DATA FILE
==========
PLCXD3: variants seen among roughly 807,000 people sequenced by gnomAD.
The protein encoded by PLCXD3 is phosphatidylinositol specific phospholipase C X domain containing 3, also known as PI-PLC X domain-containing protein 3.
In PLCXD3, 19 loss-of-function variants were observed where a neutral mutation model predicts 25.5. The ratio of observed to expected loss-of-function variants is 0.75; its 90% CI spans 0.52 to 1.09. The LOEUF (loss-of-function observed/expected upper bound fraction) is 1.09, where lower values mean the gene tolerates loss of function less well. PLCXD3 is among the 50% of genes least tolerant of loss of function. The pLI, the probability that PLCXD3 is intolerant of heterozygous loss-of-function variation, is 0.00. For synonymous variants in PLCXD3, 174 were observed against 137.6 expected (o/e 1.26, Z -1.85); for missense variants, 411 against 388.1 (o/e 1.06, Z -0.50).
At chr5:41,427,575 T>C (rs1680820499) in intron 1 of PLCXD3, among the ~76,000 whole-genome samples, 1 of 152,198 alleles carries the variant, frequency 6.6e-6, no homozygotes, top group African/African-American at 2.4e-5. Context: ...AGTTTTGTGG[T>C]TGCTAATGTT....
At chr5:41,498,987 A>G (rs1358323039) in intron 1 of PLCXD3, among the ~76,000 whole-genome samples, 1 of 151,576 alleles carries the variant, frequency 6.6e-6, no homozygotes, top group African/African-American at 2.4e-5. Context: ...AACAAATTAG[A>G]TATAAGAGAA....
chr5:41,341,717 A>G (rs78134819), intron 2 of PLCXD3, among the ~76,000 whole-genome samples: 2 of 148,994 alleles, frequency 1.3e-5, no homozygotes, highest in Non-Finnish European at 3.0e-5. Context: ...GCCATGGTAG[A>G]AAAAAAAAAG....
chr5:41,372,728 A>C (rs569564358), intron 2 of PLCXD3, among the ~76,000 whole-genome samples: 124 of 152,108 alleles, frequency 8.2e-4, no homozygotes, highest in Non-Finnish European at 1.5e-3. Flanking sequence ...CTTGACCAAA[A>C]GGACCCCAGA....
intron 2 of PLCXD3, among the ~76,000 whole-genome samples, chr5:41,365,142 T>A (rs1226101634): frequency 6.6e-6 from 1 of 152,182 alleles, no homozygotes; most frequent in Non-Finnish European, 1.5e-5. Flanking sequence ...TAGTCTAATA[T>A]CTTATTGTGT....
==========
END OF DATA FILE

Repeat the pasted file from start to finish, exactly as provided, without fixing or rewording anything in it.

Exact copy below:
PLCXD3: variants seen among roughly 807,000 people sequenced by gnomAD.
The protein encoded by PLCXD3 is phosphatidylinositol specific phospholipase C X domain containing 3, also known as PI-PLC X domain-containing protein 3.
In PLCXD3, 19 loss-of-function variants were observed where a neutral mutation model predicts 25.5. The ratio of observed to expected loss-of-function variants is 0.75; its 90% CI spans 0.52 to 1.09. The LOEUF (loss-of-function observed/expected upper bound fraction) is 1.09, where lower values mean the gene tolerates loss of function less well. PLCXD3 is among the 50% of genes least tolerant of loss of function. The pLI, the probability that PLCXD3 is intolerant of heterozygous loss-of-function variation, is 0.00. For synonymous variants in PLCXD3, 174 were observed against 137.6 expected (o/e 1.26, Z -1.85); for missense variants, 411 against 388.1 (o/e 1.06, Z -0.50).
At chr5:41,427,575 T>C (rs1680820499) in intron 1 of PLCXD3, among the ~76,000 whole-genome samples, 1 of 152,198 alleles carries the variant, frequency 6.6e-6, no homozygotes, top group African/African-American at 2.4e-5. Context: ...AGTTTTGTGG[T>C]TGCTAATGTT....
At chr5:41,498,987 A>G (rs1358323039) in intron 1 of PLCXD3, among the ~76,000 whole-genome samples, 1 of 151,576 alleles carries the variant, frequency 6.6e-6, no homozygotes, top group African/African-American at 2.4e-5. Context: ...AACAAATTAG[A>G]TATAAGAGAA....
chr5:41,341,717 A>G (rs78134819), intron 2 of PLCXD3, among the ~76,000 whole-genome samples: 2 of 148,994 alleles, frequency 1.3e-5, no homozygotes, highest in Non-Finnish European at 3.0e-5. Context: ...GCCATGGTAG[A>G]AAAAAAAAAG....
chr5:41,372,728 A>C (rs569564358), intron 2 of PLCXD3, among the ~76,000 whole-genome samples: 124 of 152,108 alleles, frequency 8.2e-4, no homozygotes, highest in Non-Finnish European at 1.5e-3. Flanking sequence ...CTTGACCAAA[A>C]GGACCCCAGA....
intron 2 of PLCXD3, among the ~76,000 whole-genome samples, chr5:41,365,142 T>A (rs1226101634): frequency 6.6e-6 from 1 of 152,182 alleles, no homozygotes; most frequent in Non-Finnish European, 1.5e-5. Flanking sequence ...TAGTCTAATA[T>A]CTTATTGTGT....